Town of Mount Royal presents plan to bury 1.8 km of REM line underground
Plan comes after a year and a half of lobbying regarding CDPQ Infra's plan for the train
The Town of Mount Royal is asking the province to force the Caisse de dépôt to change its plans for the Réseau express métropolitain light-rail train system.
Mayor Philippe Roy says he wants 1.8 kilometres of the train line buried underground. An estimated 550 trains will pass through TMR every weekday, and hundreds still on weekends, according to the current plans by CDPQ Infra.
The town's plan comes after a year and a half of lobbying by Roy and citizens regarding plans for the REM.
At least two of the train lines will run through TMR, resulting in one train passing nearly every two minutes.
CDPQ Infra, a subsidiary of the public pension fund manager, Caisse de dépôt et placement du Québec, is helming the project.
Roy said he believes the cost of burying the lines would be mitigated by the fact that the Caisse de dépôt could rent the land above the tracks.
"Sustainable development is about more than just implementing an electrified above-ground metro service with high train frequency," said Roy.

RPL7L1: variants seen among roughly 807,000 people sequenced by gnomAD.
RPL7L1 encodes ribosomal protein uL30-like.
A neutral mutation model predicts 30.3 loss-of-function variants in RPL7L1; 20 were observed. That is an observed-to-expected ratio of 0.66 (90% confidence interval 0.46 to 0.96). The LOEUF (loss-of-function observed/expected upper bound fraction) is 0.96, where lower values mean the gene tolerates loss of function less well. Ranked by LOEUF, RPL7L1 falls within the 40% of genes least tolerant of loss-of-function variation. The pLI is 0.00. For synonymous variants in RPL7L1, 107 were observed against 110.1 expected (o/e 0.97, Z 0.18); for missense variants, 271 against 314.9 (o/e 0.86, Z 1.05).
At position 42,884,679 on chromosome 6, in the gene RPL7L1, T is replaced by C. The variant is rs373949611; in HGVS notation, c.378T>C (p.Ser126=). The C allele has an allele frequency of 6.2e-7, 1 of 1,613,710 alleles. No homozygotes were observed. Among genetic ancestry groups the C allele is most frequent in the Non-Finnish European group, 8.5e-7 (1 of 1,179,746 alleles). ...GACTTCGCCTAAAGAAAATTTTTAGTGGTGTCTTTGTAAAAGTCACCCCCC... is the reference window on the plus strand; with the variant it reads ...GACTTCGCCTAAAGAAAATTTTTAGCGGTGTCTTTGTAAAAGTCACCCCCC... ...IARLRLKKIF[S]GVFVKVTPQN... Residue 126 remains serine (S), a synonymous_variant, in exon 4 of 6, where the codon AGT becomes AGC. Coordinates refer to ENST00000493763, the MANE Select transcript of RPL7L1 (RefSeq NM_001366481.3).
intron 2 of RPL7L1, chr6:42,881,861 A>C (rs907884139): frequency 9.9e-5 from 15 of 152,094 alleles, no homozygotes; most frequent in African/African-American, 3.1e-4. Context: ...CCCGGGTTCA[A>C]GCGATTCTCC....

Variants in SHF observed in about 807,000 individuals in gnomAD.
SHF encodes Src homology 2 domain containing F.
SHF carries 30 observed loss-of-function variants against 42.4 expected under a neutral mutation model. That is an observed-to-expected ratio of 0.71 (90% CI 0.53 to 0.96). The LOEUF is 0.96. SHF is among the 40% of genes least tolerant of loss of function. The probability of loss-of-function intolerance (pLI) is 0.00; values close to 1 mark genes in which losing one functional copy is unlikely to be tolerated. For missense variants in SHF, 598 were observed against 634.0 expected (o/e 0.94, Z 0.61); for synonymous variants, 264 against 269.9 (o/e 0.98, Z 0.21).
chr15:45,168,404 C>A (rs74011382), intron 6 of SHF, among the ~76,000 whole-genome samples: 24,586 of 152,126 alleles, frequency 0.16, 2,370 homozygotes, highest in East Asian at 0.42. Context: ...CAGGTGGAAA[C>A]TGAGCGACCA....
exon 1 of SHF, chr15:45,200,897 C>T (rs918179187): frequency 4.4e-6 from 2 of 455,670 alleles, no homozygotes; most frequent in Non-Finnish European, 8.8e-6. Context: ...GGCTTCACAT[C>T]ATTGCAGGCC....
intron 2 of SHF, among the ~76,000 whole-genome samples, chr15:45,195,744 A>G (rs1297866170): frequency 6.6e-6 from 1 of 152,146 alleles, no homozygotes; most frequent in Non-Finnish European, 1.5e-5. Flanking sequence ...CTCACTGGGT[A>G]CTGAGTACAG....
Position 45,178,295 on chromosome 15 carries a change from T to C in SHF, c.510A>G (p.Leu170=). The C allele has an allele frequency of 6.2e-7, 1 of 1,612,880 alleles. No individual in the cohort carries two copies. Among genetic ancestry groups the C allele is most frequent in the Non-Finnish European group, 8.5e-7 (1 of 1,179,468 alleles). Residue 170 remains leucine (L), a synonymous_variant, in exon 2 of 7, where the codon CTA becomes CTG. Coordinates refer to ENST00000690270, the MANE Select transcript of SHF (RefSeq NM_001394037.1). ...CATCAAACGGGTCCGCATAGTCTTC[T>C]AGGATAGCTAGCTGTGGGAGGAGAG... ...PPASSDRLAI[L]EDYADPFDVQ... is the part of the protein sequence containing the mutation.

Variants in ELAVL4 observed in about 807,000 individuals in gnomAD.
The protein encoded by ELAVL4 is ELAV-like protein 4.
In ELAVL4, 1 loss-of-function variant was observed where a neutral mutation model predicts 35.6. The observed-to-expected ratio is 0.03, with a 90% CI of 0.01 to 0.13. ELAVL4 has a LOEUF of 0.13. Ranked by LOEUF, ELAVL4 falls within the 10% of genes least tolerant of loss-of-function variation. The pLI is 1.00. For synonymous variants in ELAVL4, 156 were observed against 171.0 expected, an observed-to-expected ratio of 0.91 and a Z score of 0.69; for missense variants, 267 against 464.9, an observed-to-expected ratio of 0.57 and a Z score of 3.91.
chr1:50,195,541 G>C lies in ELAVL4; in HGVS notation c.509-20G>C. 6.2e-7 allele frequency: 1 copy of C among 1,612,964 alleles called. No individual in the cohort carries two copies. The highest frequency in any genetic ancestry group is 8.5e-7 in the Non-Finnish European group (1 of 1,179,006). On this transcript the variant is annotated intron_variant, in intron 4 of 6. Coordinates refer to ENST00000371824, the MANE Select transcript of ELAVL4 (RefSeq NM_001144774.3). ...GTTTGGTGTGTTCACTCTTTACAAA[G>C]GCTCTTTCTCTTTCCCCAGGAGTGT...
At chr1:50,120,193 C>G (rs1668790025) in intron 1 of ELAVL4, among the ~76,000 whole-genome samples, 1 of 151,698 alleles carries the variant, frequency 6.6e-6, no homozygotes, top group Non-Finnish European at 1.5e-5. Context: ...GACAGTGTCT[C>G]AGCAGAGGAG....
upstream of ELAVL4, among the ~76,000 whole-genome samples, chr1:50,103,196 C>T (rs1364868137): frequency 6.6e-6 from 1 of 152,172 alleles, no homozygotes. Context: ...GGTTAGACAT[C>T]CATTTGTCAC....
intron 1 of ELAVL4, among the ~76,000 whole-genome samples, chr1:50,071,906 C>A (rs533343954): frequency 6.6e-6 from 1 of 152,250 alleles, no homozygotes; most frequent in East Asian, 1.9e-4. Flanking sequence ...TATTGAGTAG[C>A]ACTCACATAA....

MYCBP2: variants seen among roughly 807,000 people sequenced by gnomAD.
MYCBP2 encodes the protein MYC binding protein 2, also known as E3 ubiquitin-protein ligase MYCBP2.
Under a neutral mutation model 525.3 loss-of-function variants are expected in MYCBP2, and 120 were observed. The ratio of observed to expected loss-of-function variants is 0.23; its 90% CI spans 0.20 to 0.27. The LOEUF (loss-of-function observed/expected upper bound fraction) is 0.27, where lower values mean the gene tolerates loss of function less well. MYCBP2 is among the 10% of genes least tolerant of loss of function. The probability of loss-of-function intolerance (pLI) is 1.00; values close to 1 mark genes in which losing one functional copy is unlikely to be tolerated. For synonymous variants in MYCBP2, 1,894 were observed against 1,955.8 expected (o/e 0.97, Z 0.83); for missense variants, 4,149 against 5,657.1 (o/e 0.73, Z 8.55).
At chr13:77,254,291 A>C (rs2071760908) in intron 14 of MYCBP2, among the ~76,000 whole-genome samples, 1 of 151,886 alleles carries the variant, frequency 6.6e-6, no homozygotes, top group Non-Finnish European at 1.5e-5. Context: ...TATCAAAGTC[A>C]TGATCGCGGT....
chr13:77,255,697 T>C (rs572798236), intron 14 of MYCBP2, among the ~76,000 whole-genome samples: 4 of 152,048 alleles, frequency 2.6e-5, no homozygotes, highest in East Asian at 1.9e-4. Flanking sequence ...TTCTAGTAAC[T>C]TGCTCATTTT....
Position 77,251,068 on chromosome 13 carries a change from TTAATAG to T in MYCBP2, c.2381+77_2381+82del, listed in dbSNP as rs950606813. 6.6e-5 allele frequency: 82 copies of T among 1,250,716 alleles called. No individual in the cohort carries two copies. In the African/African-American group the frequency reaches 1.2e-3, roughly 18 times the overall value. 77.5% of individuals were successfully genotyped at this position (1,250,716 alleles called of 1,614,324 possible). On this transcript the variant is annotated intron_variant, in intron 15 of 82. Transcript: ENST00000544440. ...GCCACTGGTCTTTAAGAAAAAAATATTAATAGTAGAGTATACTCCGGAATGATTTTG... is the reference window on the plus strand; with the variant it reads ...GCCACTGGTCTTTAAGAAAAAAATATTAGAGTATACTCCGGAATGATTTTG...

"It is also important to think about urban development for current and future generations. In this regard, the current REM project misses the mark."
Land could become green space, town says
The town proposes using the land above the trains to create a multipurpose green space with an improved public square.
It also paid around $20,000 to create its own plan to present as an alternative to running trains above ground.
In a statement, CDPQ Infra said it will continue working with the municipality, its residents, and all the communities that will be served by the REM.
"We reiterate our commitment to deliver a project that will respect time and budgetary constraints while assuring its exemplary integration in all communities of the the network," the statement reads.
It did not comment on whether it would consider the Town of Mount Royal's plan.
Expected to be completed in 2024, the $6.3-billion REM will have 26 stations along a 67-kilometre track and run 20 hours a day. It will connect downtown, the West Island and the North and South shores.
With files from Kate McKenna